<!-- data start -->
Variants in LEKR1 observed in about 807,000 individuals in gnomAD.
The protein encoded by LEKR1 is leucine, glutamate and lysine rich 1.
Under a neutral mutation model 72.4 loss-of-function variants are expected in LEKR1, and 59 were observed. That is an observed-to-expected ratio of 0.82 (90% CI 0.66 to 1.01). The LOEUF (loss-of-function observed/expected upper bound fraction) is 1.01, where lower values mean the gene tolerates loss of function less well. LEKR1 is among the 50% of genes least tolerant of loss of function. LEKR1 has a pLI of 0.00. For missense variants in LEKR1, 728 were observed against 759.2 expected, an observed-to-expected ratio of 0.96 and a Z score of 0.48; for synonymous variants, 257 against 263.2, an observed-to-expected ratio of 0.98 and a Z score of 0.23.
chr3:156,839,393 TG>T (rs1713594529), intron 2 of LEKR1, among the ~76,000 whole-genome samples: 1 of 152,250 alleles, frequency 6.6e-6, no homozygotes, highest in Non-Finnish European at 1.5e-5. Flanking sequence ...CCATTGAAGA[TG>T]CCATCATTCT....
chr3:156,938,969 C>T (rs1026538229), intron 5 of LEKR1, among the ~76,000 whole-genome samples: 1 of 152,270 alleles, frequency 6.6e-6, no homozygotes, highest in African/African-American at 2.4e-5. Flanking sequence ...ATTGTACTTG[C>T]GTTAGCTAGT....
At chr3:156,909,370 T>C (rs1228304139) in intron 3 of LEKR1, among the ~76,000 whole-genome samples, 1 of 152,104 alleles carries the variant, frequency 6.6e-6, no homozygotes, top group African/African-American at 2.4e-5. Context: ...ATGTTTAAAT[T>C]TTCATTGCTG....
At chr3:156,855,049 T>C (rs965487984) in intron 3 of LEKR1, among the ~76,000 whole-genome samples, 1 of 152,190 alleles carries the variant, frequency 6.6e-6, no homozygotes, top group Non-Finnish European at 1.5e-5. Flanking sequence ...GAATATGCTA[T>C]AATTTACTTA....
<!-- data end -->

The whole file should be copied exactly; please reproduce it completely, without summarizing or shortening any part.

Variants in LEKR1 observed in about 807,000 individuals in gnomAD.
The protein encoded by LEKR1 is leucine, glutamate and lysine rich 1.
Under a neutral mutation model 72.4 loss-of-function variants are expected in LEKR1, and 59 were observed. That is an observed-to-expected ratio of 0.82 (90% CI 0.66 to 1.01). The LOEUF (loss-of-function observed/expected upper bound fraction) is 1.01, where lower values mean the gene tolerates loss of function less well. LEKR1 is among the 50% of genes least tolerant of loss of function. LEKR1 has a pLI of 0.00. For missense variants in LEKR1, 728 were observed against 759.2 expected, an observed-to-expected ratio of 0.96 and a Z score of 0.48; for synonymous variants, 257 against 263.2, an observed-to-expected ratio of 0.98 and a Z score of 0.23.
chr3:156,839,393 TG>T (rs1713594529), intron 2 of LEKR1, among the ~76,000 whole-genome samples: 1 of 152,250 alleles, frequency 6.6e-6, no homozygotes, highest in Non-Finnish European at 1.5e-5. Flanking sequence ...CCATTGAAGA[TG>T]CCATCATTCT....
chr3:156,938,969 C>T (rs1026538229), intron 5 of LEKR1, among the ~76,000 whole-genome samples: 1 of 152,270 alleles, frequency 6.6e-6, no homozygotes, highest in African/African-American at 2.4e-5. Flanking sequence ...ATTGTACTTG[C>T]GTTAGCTAGT....
At chr3:156,909,370 T>C (rs1228304139) in intron 3 of LEKR1, among the ~76,000 whole-genome samples, 1 of 152,104 alleles carries the variant, frequency 6.6e-6, no homozygotes, top group African/African-American at 2.4e-5. Context: ...ATGTTTAAAT[T>C]TTCATTGCTG....
At chr3:156,855,049 T>C (rs965487984) in intron 3 of LEKR1, among the ~76,000 whole-genome samples, 1 of 152,190 alleles carries the variant, frequency 6.6e-6, no homozygotes, top group Non-Finnish European at 1.5e-5. Flanking sequence ...GAATATGCTA[T>C]AATTTACTTA....